August 21, 2014 at 1:00 am

Grab green tomatoes off the vine early for new or classic dishes

One good philosophy: When life gives you green tomatoes, put them in a frying pan, a pickle jar or a cake or a soup or a casserole. (Photos by Kate Lawson / The Detroit News)

I may have a ripe tomato before the frost hits. Feeling full of gratitude that most of my garden survived the cruel winter just a few months ago, I planted several varieties of tomatoes in containers on my deck. The plants grew tall, the buds finally formed and then the cooler weather and gray skies put the kibosh on all of it. The one Early Girl that I was watching longingly as it began to redden and ripen turned up in a squirrel’s jaws the next morning. My voice was the scream heard ’round the block.

So, I’ve adopted a new philosophy: When life gives you green tomatoes, put them in a frying pan, a pickle jar or a cake or a soup or a casserole. Don’t bemoan that the lovely heirlooms are taking their sweet time coming around; instead, take action and put those green tomatoes to good use.

The flavor of green tomatoes is nowhere near the sweet, juicy ripe red tomatoes that signify summer. Green tomatoes are firm (though they'll soften up some upon cooking), moist and decidedly sour. I have never yearned nor attempted to pluck a green tomato off the vine and pop it into my mouth. But when it comes to cooking, that’s a whole other matter.

Green tomatoes stand up well to pickling (a colleague likes to save the pickle juice from her favorite brand then add small green tomatoes to the jar to use as a relish for hamburgers). They also do well when baked, providing a bit of moisture without turning into mush, and their firm texture and sour-sweet flavor allows you to swap them for tart green apples in recipes from cakes to pies. Their bright flavor also works well in sauces and can make a delicious summer soup, not to mention the beloved fried green tomatoes. This year I’ve substituted the cornmeal with panko, which makes the coating even crispier for the juicy love apple.

My advice, however, is when serving the cake, don’t feel the need to tell your family that it’s made with tomatoes because the truth is baked green tomatoes taste like apples. Remember zucchini bread? Add some sugar and spice, and most everything tastes nice.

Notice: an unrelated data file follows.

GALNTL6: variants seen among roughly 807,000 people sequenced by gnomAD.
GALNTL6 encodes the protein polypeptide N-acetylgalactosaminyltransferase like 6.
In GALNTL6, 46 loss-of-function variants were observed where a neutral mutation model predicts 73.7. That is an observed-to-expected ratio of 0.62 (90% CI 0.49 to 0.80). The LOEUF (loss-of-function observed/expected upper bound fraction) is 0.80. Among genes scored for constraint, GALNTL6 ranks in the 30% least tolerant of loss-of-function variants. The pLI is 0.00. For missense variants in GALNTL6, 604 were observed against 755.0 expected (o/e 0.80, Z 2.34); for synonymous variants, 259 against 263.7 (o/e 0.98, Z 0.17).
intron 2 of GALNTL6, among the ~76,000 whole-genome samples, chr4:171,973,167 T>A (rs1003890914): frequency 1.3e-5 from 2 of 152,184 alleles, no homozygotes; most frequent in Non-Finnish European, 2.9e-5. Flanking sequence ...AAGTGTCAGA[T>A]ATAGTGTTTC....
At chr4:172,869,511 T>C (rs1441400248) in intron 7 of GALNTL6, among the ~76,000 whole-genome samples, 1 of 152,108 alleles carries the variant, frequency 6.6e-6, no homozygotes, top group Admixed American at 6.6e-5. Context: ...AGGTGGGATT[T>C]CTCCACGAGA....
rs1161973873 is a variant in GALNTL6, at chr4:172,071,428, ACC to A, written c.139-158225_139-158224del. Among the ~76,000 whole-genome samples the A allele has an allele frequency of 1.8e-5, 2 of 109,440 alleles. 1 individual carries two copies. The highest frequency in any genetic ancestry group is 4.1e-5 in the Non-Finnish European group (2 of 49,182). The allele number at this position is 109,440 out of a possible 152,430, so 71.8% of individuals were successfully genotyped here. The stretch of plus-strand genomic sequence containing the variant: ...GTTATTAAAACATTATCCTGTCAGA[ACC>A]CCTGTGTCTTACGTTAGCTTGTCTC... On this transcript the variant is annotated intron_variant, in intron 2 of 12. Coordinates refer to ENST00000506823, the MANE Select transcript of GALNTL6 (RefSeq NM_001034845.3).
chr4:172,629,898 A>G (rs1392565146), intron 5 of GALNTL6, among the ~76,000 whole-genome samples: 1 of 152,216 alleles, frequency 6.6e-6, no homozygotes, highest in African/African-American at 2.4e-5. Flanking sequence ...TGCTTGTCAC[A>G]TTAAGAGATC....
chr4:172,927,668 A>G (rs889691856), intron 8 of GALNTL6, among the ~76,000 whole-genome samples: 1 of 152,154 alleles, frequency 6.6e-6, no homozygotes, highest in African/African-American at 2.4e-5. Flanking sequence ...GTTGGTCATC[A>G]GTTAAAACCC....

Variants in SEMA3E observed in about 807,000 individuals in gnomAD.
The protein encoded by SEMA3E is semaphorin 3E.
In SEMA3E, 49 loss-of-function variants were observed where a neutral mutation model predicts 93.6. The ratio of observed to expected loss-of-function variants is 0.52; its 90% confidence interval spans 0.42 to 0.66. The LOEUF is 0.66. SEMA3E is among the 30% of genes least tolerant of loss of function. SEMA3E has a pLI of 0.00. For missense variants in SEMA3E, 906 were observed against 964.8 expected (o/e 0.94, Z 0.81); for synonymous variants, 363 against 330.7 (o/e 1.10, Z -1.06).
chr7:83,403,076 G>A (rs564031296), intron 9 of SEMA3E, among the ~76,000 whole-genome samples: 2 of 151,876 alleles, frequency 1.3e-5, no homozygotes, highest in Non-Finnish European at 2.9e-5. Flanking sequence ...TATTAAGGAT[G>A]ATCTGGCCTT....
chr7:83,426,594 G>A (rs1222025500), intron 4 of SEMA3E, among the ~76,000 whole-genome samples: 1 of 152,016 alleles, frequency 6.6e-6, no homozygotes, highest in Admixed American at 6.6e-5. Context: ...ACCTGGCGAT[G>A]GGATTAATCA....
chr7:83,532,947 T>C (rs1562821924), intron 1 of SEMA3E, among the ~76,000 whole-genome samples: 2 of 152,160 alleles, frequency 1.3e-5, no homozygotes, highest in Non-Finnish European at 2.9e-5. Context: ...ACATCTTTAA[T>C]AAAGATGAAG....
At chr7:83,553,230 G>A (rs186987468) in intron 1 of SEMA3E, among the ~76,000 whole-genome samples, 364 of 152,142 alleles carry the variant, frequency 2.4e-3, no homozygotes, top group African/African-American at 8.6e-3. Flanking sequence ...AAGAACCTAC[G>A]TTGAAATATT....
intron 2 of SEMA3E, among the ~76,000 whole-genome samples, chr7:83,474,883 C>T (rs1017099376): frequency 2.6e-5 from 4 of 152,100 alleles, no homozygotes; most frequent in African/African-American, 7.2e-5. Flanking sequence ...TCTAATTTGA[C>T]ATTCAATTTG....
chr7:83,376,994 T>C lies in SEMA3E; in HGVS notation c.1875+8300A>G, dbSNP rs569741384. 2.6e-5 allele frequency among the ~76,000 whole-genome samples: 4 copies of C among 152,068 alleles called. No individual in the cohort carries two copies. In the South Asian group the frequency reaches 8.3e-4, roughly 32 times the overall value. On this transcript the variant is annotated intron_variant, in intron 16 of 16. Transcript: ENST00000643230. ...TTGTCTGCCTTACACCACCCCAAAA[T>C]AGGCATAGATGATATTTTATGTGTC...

Green Tomato Cake

Adapted from foodnetwork.com

1 cup butter
1 cup brown sugar
1 cup white sugar
3 large eggs
3 cups all-purpose flour
1 ¼ teaspoon ground cinnamon
1 teaspoon baking powder
1 teaspoon salt
½ teaspoon ground nutmeg
2 ½ cups diced green tomatoes (about 2 medium tomatoes)
1 cup raisins
1 cup chopped walnuts

Have all ingredients at room temperature.

Preheat oven to 350 degrees. Grease and flour a 12-cup bundt pan.

Beat butter and sugars with an electric mixer until creamy. Add eggs, 1 at a time, beating well after each addition.

In a medium bowl, combine flour, cinnamon, baking powder, salt, and nutmeg. Gradually add to butter mixture, beating well. (Batter will be soft.) Stir in tomatoes, raisins, and walnuts.

Spoon batter into prepared pan. Bake for 70 to 75 minutes, or until a tester inserted in center comes out clean.

Let cool in pan on wire rack for 10 minutes. Remove from pan, and let cool completely. Dust with powdered sugar or spoon brown butter icing over cake. Serves 12.

Browned Butter Icing

½ cup (1 stick) butter
1 cup confectioners' sugar

In a medium saucepan over low heat, melt butter. Cook 6 to 8 minutes, or until butter is lightly browned. Whisk in confectioners' sugar until smooth. Makes 1 cup

Per serving: 627 calories; 32 g fat (16 g saturated fat; 46 percent calories from fat); 81 g carbohydrates; 51 g sugar; 119 mg cholesterol; 504 mg sodium; 7 g protein; 2 g fiber.

Green Tomato and Bacon Soup

Recipe from allrecipes.com

8 slices bacon, cut into bite-size pieces
1 small red onion, chopped, or more to taste
3 cloves garlic, minced, or more to taste
5 cups chopped green tomatoes
3 cups vegetable broth
½ teaspoon celery salt, or more to taste
1 bay leaf, or more to taste
Freshly ground black pepper to taste

Place bacon in a stock pot over medium-low heat; cook and stir until bacon begins to brown, about 5 minutes. Stir onion and garlic into bacon; cook and stir until onion is tender, about 10 minutes. Add green tomatoes, vegetable broth, celery salt, bay leaf, and black pepper to bacon-onion mixture; bring to a boil. Reduce heat and simmer until tomatoes are tender, about 40 minutes. Serves 6.

Per serving: 102 calories; 5 g fat (2 g saturated fat; 44 percent calories from fat); 11 g carbohydrates; 2 g sugar; 7 mg cholesterol; 550 mg sodium; 6 g protein; 2 g fiber.

Green Tomato Salsa

Recipe adapted from Food Network

1 small lime, juiced (1-2 tablespoons)
1 finely chopped garlic clove
Salt and pepper (to taste)
Pinch garlic powder
Pinch cumin
Pinch chili powder
1 tablespoon chopped fresh cilantro (omit if you hate cilantro)
¼ cup finely chopped onion (about ½ small onion) See note
2 tablespoons finely chopped jalapeno (about ½ small pepper)
1½ cups chopped green tomatoes (about 2 tomatoes)

For restaurant style: It is not necessary to chop the ingredients.

Remove the stems and cores of the green tomatoes.